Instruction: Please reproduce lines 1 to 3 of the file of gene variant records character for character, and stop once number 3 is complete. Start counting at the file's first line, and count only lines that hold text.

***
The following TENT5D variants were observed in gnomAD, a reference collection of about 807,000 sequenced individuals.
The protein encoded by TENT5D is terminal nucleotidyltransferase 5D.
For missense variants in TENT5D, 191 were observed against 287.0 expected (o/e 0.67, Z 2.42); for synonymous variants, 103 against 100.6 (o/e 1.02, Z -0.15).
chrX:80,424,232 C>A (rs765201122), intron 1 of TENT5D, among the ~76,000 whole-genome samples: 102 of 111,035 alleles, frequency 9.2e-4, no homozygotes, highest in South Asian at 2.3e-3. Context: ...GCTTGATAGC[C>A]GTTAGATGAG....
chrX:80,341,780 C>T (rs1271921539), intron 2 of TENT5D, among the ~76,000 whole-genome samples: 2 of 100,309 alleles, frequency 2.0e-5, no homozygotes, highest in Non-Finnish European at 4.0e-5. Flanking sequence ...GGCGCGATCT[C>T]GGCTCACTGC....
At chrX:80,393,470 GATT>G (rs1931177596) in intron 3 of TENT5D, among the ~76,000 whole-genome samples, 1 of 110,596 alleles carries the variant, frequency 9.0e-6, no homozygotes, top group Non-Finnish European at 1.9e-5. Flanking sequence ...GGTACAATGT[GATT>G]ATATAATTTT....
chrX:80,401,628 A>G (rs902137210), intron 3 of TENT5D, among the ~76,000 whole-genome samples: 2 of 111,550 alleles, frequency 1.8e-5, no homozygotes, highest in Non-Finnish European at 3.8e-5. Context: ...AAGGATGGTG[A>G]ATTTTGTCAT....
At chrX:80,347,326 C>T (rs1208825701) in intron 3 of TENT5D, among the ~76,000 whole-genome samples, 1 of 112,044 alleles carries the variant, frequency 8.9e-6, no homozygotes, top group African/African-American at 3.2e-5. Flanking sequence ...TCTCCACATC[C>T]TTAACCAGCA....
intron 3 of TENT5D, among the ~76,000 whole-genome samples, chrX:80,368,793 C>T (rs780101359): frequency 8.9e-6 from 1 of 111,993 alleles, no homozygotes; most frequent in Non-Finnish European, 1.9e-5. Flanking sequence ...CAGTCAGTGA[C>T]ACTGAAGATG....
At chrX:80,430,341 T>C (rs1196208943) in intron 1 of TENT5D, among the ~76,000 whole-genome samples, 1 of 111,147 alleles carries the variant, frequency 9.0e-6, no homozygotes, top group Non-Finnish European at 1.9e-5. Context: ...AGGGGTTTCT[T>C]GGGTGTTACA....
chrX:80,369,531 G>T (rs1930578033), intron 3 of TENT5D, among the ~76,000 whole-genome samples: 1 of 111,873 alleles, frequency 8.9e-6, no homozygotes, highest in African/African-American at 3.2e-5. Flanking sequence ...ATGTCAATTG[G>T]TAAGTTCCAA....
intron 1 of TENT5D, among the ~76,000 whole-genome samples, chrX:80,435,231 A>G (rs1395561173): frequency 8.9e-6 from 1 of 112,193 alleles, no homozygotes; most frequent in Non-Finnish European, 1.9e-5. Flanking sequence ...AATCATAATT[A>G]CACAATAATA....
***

The following TENT5D variants were observed in gnomAD, a reference collection of about 807,000 sequenced individuals.
The protein encoded by TENT5D is terminal nucleotidyltransferase 5D.
For missense variants in TENT5D, 191 were observed against 287.0 expected (o/e 0.67, Z 2.42); for synonymous variants, 103 against 100.6 (o/e 1.02, Z -0.15).